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    Re: Navigation without Leap Seconds
    From: Fred Hebard
    Date: 2008 Apr 15, 18:00 -0400

    Oops, divided twice by 60, not once.  You're correct, about 100
    feet.  So .01 arcseconds to 1 foot, or 30 cm, and .0001 to 3 mm.
    Only off by a factor of 60!
    On Apr 15, 2008, at 4:04 PM, Gary J. LaPook wrote:
    > Gary LaPook wrote:
    > How does one arc second get you to 50 cm? One arc minute is 1852
    > meters divided by 60 makes 30.9 meters: or 6076 feet divided by 60
    > equals 101.3 feet (approximately 100 feet in practice.) in an arc
    > second.
    > gl
    > Fred Hebard wrote:
    >> Lu, Why billionths of an arcsecond? One arcsecond gets one to
    >> 1/60th of 100 feet in traditional surveying, or about 50 cm. One-
    >> thousandth of an arcsecond would drop one to 5 mm. I wonder if
    >> refraction is a problem here. Fred On Apr 15, 2008, at 12:33 PM,
    >> Lu Abel wrote:
    >>> Fred: In theory, yes; in practice, no. To position oneself using
    >>> star-star distances would require require measuring angles to
    >>> billionths of an arc-second. Maybe something an astronomer could
    >>> do, but not something you or I are going to do with our sextants!
    >>> BTW, I remember a conversation with a radio-astronomer about 20
    >>> years ago where he said that his team had measured the distance
    >>> between two radiotelescopes on opposite sides of the US to within
    >>> a cm or so using a technique called long-baseline interferometry.
    >>> But the whole experiment took them a year or so... Lu Abel Fred
    >>> Hebard wrote:
    >>>> Completely unrelated, but stemming from the same article. The
    >>>> author states that height can only be known to some few cm or
    >>>> whatever because of variations in gravity, if I remember
    >>>> correctly. It would seem that this is due to our tradition of
    >>>> assuming we are on the surface of a spheroid or ellipsoid when
    >>>> doing navigation. Confining ourselves to a surface makes the
    >>>> trig easier, but couldn't one position oneself with greater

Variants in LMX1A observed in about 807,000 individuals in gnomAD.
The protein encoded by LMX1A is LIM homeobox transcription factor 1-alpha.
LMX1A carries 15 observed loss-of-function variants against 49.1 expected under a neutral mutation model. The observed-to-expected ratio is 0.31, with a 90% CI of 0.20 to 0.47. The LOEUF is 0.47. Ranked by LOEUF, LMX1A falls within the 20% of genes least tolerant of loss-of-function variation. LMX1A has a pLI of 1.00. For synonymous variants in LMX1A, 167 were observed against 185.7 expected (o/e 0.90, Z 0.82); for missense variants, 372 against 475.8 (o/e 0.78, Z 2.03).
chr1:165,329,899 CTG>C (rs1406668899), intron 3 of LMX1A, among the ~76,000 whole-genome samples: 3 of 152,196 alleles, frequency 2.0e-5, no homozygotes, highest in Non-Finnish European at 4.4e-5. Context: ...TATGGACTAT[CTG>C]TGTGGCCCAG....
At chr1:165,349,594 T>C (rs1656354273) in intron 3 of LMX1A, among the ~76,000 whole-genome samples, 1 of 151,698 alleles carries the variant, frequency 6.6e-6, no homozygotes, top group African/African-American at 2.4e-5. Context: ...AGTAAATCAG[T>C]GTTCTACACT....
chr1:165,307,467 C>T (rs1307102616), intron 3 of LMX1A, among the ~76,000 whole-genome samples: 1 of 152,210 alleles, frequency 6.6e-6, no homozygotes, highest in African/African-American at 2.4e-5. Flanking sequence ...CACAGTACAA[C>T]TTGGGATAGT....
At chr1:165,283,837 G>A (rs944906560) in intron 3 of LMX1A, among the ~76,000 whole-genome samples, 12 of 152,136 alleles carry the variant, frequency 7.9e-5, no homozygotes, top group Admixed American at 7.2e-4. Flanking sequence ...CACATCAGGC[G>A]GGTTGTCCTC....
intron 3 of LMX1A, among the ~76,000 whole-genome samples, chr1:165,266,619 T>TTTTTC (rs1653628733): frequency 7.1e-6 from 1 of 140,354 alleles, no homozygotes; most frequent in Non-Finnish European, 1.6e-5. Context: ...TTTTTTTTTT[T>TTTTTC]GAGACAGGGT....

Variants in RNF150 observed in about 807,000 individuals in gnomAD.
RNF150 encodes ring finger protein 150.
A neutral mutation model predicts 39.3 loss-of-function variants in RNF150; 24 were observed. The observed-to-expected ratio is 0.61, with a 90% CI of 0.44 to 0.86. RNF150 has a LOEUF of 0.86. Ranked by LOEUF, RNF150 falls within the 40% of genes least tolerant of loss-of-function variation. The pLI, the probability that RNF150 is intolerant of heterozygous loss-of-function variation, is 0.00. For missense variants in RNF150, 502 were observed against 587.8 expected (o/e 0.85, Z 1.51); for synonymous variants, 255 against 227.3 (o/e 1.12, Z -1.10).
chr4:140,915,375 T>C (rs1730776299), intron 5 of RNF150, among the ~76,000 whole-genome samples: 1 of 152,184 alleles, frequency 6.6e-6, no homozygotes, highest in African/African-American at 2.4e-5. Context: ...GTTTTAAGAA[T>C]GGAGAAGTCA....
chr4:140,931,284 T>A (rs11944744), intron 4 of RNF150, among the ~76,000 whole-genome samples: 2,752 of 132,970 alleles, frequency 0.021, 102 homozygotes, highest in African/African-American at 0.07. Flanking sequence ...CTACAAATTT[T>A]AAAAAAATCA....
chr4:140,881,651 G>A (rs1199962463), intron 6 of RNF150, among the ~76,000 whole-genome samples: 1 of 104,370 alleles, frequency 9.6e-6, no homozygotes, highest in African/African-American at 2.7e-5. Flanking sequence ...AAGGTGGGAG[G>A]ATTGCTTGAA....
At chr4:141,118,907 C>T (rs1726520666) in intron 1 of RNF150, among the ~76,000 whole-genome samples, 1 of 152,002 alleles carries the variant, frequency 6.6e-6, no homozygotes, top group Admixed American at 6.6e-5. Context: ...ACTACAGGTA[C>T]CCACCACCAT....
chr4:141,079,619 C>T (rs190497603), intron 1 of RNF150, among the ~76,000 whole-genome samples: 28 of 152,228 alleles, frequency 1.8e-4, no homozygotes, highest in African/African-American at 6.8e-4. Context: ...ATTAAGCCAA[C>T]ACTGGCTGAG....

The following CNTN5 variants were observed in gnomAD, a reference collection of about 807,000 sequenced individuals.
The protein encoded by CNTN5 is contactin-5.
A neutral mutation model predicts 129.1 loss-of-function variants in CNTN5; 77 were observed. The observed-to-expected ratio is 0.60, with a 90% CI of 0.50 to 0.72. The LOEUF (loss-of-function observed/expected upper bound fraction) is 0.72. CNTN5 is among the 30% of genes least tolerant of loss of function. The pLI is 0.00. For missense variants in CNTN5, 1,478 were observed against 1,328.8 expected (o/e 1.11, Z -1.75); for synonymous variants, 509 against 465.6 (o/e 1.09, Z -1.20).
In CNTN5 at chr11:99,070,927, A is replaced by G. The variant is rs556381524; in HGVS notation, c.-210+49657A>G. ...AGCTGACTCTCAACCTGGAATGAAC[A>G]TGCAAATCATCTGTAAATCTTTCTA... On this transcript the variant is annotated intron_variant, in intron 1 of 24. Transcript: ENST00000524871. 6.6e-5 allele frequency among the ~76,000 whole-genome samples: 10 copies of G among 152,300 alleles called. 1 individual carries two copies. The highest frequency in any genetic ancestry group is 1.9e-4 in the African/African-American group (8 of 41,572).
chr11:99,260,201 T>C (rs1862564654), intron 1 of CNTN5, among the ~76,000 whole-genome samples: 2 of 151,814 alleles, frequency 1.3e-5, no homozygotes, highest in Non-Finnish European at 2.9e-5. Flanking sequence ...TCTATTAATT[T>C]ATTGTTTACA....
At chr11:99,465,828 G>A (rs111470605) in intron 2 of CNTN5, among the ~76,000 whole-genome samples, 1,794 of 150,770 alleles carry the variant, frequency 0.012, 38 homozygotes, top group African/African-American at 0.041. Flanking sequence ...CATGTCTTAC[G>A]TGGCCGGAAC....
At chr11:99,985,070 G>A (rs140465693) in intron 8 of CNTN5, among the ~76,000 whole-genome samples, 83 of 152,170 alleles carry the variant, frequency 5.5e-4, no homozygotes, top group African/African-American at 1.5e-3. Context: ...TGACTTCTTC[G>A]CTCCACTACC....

>>>> accuracy (with feet firmly planted on earth, not on a boat)
    >>>> using only stars or stars plus the sun, ignoring the earth's
    >>>> horizon, by measuring star-star distances? Make it a true 3-D
    >>>> problem. Or would uncertainties in the positions of stars still
    >>>> hamper ones efforts, especially uncertainty in their distance
    >>>> from us? Fred Hebard On Apr 14, 2008, at 9:50 PM,
    >>>> frankreed@HistoricalAtlas.net wrote:
    >>>>> The fascinating article which Fred Hebard linked: http://
    >>>>> www.physicstoday.org/vol-59/iss-3/p10.html includes a detailed
    >>>>> discussion about the problems of gravitational time dilation
    >>>>> and extremely accurate clocks. That's the main topic, and it's
    >>>>> great stuff. The article also mentions leap seconds and
    >>>>> navigation: "Celestial navigators --that vanishing breed-- also
    >>>>> like leap seconds. The Global Positioning System, however,
    >>>>> cannot tolerate time jumps and employs a time scale that avoids
    >>>>> leap seconds." So here's my question: what's the best way of
    >>>>> doing celestial navigation if leap seconds are dropped from
    >>>>> official time-keeping? I don't think it should be all that
    >>>>> difficult to work around, but I'm not sure what the best
    >>>>> approach would be. Assume we get to a point where the
    >>>>> cumulative time difference is, let's say, 60 seconds (that
    >>>>> shouldn't happen for decades, so this is just for the sake of
    >>>>> argument). Should we treat the difference as a 60 second clock
    >>>>> correction before working the sights? Or should it be a 15
    >>>>> minute of arc longitude correction after working the sights? Or
    >>>>> something else entirely?? -FER Celestial Navigation Weekend,
    >>>>> June 6-8, 2008 at Mystic Seaport Museum: www.fer3.com/Mystic2008
    > >
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